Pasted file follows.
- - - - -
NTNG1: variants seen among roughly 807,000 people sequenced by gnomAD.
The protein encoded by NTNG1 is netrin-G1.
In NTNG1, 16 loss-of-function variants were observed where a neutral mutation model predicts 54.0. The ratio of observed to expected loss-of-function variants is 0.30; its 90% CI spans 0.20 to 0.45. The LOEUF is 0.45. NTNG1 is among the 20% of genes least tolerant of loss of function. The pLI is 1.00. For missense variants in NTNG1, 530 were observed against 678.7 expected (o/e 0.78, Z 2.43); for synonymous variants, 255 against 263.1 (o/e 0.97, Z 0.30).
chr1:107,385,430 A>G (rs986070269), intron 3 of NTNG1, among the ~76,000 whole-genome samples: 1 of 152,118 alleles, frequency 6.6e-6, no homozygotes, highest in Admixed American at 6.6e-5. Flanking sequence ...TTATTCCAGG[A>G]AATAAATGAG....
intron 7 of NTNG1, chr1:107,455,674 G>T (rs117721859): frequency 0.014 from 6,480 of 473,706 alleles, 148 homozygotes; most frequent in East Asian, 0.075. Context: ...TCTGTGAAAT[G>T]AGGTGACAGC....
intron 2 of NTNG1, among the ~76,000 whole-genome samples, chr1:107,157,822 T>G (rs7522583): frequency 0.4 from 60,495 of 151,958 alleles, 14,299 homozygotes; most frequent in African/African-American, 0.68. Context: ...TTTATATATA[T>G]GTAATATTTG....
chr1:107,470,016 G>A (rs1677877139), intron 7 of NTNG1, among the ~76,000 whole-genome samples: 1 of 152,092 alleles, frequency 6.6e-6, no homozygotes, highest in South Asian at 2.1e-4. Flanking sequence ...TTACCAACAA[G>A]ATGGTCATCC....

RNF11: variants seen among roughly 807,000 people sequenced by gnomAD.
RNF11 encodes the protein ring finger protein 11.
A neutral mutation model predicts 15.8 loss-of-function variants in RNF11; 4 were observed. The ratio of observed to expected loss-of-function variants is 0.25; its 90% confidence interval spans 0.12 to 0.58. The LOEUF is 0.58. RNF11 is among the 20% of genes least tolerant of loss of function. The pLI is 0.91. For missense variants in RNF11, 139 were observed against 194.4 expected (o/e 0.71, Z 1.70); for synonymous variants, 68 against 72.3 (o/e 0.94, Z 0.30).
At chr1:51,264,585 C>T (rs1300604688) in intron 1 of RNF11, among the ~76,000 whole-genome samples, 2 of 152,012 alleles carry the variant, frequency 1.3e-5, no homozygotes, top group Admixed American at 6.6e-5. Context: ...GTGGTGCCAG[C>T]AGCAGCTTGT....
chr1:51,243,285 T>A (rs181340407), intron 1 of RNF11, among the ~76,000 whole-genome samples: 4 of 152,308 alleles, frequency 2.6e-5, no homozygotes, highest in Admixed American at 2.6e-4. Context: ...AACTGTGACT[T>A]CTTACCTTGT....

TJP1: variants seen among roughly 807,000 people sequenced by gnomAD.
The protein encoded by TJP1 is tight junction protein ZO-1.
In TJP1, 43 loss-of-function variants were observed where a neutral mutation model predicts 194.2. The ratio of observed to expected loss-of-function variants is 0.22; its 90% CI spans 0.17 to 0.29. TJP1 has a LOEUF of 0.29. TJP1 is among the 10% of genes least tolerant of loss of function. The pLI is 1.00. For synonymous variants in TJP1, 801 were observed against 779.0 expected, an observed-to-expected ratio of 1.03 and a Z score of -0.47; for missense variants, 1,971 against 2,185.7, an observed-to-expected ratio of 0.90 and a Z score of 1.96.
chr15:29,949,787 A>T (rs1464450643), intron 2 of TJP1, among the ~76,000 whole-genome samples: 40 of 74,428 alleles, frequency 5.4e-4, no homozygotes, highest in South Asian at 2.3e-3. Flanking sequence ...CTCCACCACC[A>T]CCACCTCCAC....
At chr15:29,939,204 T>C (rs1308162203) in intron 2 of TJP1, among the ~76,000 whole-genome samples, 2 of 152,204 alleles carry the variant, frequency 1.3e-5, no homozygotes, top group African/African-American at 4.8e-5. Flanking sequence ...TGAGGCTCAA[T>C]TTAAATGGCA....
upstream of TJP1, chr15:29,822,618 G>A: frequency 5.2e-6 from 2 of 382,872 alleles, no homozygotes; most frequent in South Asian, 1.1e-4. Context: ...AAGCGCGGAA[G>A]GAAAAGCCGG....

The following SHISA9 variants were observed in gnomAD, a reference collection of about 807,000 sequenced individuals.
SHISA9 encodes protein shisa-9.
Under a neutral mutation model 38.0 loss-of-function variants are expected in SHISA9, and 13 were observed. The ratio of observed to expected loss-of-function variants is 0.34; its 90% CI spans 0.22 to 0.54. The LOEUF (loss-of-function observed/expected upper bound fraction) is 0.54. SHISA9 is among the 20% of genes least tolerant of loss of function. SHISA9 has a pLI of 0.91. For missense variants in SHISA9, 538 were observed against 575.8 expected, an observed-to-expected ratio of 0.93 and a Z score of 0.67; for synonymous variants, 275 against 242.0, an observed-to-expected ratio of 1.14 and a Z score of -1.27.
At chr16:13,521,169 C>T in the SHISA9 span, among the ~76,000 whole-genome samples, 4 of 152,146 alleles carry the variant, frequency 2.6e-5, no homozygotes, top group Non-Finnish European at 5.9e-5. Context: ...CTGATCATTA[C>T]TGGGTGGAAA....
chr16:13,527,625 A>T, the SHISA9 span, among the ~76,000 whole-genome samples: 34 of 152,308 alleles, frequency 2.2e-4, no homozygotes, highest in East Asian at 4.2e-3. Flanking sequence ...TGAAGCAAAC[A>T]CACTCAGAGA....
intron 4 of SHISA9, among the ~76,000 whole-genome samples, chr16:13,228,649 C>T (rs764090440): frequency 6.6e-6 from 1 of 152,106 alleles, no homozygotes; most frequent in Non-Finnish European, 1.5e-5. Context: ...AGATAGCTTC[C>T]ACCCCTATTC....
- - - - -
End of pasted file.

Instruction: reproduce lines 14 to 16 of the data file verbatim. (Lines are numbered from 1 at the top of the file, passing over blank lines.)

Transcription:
The protein encoded by TJP1 is tight junction protein ZO-1.
In TJP1, 43 loss-of-function variants were observed where a neutral mutation model predicts 194.2. The ratio of observed to expected loss-of-function variants is 0.22; its 90% CI spans 0.17 to 0.29. TJP1 has a LOEUF of 0.29. TJP1 is among the 10% of genes least tolerant of loss of function. The pLI is 1.00. For synonymous variants in TJP1, 801 were observed against 779.0 expected, an observed-to-expected ratio of 1.03 and a Z score of -0.47; for missense variants, 1,971 against 2,185.7, an observed-to-expected ratio of 0.90 and a Z score of 1.96.
chr15:29,949,787 A>T (rs1464450643), intron 2 of TJP1, among the ~76,000 whole-genome samples: 40 of 74,428 alleles, frequency 5.4e-4, no homozygotes, highest in South Asian at 2.3e-3. Flanking sequence ...CTCCACCACC[A>T]CCACCTCCAC....